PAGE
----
Reprinted from Maclean's Magazine, April 12, 1993
BY PETER C. NEWMAN
Most Canadian executives' idea of spirituality these days is to pray every night that they'll have a job the next morning.
But there's a Canadian guru-in-the making named Martin Rutte who is staking his career on the novel notion that the profit motive and spirituality can mix. His company, Livelihood Inc. of Sherman Oaks, Calif., is beginning to prosper by giving that revolutionary-sounding advice to such blue-ribbon companies as Apple Computer, Sony Pictures Entertainment, Virgin Records and Southern California Edison.
A Hamilton, Ont.-born psychologist, Rutte spent 12 years as a consultant in Toronto developing a successful Canadian customer base including Labatt Breweries of Canada, Esso Petroleum Canada, London Life Insurance and Via Rail, before moving to California where he found an even more receptive audience. He was the keynote speaker for four consecutive years at the corporate leadership and ethics forum of the Harvard Business School and is becoming recognized as a pioneer in the most unlikely of missionsattempting to instill spiritual values in the North American workplace.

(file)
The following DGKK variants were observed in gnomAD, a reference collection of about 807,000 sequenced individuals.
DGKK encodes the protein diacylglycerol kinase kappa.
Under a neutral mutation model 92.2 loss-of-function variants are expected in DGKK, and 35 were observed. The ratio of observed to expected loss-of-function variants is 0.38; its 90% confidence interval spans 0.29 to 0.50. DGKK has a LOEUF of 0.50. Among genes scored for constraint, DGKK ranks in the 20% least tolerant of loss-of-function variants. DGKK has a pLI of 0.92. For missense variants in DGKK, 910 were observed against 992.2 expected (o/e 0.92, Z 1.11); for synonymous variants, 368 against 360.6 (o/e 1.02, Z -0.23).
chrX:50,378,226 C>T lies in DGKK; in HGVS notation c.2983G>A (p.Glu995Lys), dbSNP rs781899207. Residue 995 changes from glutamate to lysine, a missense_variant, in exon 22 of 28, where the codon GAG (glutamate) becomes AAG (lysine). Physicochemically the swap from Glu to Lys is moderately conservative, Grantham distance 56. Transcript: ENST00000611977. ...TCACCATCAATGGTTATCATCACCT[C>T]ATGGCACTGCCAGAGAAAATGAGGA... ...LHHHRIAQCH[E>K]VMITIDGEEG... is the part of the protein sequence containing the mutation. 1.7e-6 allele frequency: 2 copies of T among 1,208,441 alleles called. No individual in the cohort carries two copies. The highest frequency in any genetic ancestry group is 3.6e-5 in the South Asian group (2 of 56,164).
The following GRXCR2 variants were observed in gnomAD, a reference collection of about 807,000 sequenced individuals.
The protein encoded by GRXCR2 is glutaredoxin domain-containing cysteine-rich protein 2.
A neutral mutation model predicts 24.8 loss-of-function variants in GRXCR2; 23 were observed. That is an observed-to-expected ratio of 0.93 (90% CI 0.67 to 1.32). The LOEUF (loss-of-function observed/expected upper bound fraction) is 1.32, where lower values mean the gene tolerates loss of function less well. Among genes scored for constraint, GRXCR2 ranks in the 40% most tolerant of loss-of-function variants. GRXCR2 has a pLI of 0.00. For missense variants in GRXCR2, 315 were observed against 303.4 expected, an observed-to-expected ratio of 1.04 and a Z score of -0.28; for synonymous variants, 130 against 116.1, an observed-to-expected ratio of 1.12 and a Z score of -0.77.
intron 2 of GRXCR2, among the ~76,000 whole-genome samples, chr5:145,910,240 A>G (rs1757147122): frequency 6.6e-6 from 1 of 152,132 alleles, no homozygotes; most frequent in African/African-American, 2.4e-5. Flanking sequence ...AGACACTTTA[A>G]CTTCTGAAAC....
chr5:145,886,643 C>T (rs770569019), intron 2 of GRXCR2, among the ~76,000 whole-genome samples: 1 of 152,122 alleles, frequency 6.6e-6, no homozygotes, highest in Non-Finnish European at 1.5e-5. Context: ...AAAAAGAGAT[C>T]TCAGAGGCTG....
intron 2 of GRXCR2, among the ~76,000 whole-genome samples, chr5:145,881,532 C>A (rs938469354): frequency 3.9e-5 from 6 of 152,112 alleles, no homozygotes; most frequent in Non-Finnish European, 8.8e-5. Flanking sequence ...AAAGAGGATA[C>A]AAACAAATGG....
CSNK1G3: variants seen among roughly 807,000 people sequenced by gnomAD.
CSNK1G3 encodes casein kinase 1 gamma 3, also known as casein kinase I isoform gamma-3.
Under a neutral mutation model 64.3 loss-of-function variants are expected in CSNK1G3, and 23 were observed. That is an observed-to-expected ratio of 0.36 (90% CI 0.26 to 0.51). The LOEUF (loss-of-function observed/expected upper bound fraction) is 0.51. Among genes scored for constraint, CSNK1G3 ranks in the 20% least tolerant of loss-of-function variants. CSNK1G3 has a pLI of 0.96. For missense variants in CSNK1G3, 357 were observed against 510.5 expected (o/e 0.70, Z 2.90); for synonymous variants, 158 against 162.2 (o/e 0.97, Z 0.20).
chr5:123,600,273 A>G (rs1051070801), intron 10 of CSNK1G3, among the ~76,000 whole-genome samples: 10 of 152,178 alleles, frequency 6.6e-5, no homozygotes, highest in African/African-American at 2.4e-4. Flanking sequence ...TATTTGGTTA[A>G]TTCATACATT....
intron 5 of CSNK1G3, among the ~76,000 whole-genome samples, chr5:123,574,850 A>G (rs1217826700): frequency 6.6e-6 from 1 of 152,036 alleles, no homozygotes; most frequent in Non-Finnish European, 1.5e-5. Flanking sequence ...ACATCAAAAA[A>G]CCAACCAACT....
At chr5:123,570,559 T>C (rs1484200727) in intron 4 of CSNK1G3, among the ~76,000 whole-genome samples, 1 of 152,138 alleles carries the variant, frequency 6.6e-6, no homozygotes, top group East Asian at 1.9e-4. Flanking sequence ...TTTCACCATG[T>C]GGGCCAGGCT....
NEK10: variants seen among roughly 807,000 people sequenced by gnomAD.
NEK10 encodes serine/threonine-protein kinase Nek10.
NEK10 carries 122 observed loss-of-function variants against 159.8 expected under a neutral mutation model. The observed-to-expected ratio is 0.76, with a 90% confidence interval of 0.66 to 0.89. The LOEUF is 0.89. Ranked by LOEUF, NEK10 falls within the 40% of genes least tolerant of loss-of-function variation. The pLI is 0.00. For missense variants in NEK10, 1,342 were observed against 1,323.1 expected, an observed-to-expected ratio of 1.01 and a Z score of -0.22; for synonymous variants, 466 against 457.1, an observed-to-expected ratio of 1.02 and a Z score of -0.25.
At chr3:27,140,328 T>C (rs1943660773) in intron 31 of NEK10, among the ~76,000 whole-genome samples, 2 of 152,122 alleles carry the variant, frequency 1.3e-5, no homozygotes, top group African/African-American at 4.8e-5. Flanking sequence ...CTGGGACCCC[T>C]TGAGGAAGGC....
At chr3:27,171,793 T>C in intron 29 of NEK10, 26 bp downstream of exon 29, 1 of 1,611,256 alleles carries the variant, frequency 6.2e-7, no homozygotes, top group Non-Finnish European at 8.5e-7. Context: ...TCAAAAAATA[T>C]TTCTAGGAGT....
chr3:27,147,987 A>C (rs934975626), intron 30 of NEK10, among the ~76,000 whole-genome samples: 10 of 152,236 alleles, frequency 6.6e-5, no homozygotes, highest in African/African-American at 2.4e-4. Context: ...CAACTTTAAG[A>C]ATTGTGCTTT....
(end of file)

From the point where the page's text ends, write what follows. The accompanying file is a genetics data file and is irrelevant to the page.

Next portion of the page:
"By spiritual values, I mean those values that lie at the core of our humanity, that come from our highest, deepest self," he told me during a recent interview near his office outside of Los Angeles. "However, when the question of spiritual values is examined, highly charged issues arise that threaten to block deeper exploration and the discovery of any underlying and revealing insights." His view: "In my experience, I've found that by engaging and exploring the issue, we tap a powerful source of deep fulfilment and creativity. Such new approaches in modern management theory as productivity and quality improvement, human motivation, teamwork and systems perspectives have markedly enhanced effectiveness. But one other dimension has to be taken into consideration the one that relates management to fundamental matters of the spirit which lie at the heart of all beings."
The trouble with this kind of talk is that one has to be a believer to understand it. But what Rutte preaches is not only in tune with the growing number of men and women who have enriched their lives with spiritual quests, but makes good economic sense because employees at any level of any company are demanding more than pay cheques for their work. What people want is an environment that encourages, respects and appreciates spiritual values. This doesn't necessarily have anything to do with organized religion. It does mean a deep desire for more fulfilling work, and more than thata commitment to manifest our dreams.